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2.4

ANALYSIS OF CAPITAL BUDGET

Table 1 Capital Budget for Saucy Processing
Description: Equipment: Steamer Juicer Working Capital Total Capital Estimated Cost: $400 $5,319 $5,719 Source of Estimate: 2 x $200 Kate Martens

The capital withheld in Saucy Processing is very minimal. The company rents all the buildings associated with the processing, storage, and the selling of the product. The capital consists of two steamer juicers that are valued at $200 a piece as well as the total working capital associated with business. 2.5 COSTS OF GOODS MANUFACTURED The cost of Goods manufactured is $16,805. This includes a direct materials cost of $10,334, for cherries, packaging and ingredients. The direct labour cost was $2,336, for the owner and three employees. The manufacturing overhead was $40 for depreciation on the equipment. This follows the CCA values of 20% on equipment, but only 10% is used for the first year. Also included in the manufacturing overhead are the variable costs of the church rental, heated storage rental, and rental of the company van from Saucy Farms, giving a total of $4,134 for manufacturing overhead. 2.6 DIRECT MATERIALS:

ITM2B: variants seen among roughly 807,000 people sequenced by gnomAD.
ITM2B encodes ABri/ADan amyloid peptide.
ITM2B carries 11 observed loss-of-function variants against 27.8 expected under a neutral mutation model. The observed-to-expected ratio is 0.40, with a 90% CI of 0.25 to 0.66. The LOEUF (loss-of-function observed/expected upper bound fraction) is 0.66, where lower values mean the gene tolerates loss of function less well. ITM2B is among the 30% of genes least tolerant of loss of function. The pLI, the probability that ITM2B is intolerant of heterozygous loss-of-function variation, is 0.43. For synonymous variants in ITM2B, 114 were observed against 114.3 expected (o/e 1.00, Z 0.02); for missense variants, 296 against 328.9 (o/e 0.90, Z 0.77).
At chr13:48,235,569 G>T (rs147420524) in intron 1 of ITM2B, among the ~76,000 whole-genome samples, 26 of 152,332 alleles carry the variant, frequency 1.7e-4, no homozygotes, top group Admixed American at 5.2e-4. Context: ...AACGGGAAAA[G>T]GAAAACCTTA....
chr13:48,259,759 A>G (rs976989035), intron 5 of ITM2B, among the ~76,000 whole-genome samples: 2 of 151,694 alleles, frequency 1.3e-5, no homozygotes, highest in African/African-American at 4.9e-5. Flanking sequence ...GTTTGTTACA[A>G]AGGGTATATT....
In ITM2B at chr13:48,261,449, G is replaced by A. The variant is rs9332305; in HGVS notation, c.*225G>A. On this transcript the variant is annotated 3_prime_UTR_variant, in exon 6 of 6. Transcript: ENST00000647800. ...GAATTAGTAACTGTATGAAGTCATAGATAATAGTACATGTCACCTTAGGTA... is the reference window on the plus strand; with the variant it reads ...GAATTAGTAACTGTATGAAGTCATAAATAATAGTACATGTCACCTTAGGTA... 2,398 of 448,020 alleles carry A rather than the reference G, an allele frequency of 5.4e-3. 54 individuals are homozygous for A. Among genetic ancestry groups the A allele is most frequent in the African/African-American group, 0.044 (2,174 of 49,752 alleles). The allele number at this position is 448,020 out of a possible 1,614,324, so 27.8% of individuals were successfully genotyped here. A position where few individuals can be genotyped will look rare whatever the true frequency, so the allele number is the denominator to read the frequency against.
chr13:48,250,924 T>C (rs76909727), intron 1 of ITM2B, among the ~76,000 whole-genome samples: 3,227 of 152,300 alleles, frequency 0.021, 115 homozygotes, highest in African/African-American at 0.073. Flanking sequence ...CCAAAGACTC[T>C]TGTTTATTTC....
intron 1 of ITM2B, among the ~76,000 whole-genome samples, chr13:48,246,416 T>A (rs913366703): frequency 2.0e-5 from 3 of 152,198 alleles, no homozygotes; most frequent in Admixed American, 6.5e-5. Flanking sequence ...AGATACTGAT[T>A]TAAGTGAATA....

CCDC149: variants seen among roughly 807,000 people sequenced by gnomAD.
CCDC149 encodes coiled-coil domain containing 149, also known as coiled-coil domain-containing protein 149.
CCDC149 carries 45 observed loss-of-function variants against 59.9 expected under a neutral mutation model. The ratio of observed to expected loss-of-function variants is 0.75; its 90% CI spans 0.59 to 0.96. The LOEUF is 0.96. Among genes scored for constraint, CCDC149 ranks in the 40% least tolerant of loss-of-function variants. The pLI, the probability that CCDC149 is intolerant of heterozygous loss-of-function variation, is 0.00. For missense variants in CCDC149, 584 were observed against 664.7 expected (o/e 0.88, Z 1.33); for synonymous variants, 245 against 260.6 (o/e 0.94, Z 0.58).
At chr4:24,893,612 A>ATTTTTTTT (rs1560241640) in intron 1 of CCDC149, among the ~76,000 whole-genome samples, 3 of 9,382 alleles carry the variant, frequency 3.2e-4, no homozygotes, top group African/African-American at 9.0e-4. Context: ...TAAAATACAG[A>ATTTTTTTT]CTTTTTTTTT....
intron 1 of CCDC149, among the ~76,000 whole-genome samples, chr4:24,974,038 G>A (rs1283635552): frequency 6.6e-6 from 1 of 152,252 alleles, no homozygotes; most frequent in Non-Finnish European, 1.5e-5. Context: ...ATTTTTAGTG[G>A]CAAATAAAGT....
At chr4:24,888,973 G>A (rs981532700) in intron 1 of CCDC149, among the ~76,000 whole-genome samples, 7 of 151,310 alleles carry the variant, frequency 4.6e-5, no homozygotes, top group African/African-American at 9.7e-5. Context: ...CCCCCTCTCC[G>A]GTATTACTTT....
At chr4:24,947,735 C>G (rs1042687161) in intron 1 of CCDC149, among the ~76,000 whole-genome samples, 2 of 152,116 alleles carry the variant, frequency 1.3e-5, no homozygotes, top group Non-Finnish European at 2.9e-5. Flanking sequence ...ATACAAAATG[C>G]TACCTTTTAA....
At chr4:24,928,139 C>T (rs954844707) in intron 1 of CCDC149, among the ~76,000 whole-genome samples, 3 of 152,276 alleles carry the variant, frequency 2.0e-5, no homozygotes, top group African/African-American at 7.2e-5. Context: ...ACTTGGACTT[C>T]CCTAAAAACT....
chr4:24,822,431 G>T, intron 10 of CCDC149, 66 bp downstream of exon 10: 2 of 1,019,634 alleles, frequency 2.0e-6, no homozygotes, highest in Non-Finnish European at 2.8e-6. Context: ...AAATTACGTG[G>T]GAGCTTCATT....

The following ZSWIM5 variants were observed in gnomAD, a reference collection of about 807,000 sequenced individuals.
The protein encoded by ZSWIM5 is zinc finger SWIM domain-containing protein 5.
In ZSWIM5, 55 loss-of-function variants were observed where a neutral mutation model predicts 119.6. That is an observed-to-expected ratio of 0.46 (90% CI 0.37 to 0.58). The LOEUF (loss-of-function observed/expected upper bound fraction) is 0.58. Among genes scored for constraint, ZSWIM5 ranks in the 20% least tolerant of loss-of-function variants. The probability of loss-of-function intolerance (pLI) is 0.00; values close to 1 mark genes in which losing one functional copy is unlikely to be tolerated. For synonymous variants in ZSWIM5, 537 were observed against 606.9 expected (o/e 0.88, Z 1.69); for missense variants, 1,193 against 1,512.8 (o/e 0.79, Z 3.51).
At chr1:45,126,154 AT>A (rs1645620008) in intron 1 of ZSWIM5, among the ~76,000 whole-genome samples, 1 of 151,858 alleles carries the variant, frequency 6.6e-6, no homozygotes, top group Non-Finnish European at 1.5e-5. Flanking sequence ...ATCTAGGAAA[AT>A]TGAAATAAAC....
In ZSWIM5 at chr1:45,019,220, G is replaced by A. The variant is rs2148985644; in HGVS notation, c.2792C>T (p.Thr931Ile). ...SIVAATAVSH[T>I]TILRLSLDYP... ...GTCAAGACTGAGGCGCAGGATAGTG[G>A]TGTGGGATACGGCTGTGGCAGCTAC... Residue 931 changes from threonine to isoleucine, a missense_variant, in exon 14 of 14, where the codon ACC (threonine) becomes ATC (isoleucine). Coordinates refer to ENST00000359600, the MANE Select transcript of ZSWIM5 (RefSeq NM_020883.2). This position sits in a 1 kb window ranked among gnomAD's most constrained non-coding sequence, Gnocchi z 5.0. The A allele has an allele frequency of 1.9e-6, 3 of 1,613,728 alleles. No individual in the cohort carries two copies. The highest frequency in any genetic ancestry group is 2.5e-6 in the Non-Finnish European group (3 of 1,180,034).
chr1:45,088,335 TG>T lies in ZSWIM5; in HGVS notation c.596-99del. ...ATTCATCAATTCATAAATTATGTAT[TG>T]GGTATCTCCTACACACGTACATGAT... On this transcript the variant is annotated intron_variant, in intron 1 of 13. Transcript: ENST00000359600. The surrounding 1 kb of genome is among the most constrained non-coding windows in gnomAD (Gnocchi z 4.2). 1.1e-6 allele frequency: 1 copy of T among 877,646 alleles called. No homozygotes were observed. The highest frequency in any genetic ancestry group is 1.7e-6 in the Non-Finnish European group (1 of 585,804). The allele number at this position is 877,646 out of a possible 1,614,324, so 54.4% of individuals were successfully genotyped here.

Table 2 Break down of Direct Materials Input Price* Amount/ batch Cherries $2.50/lb 12 lbs = $30.00 Sugar 0.06/oz 96.91 oz = $5.82 Lemon Juice 0.08/oz 0.5 oz = $0.04 Corn Sauce 0.20/oz 32.3 oz = $6.46 Pectin 0.85/oz 0.5 oz = $0.43 Total/ Batch $42.75 *The prices listed above come from Kate Martens, for the cherries, and Netgrocer, available at http://shop.netgrocer.com.

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2.7

COSTS OF PRODUCTION

60 jars/batch = ($42.75/batch)/60 jars =$0.71 /jar + $1 (cost of glass jar) + $0.01 (Cost of Pallets) =$1.72 / total jar cost

16 batches/ 8 hr day = 16 batches * 60 jars/batch =960 jars/day

960 jars/day * $1.72/ total jar cost =$1,653.60/day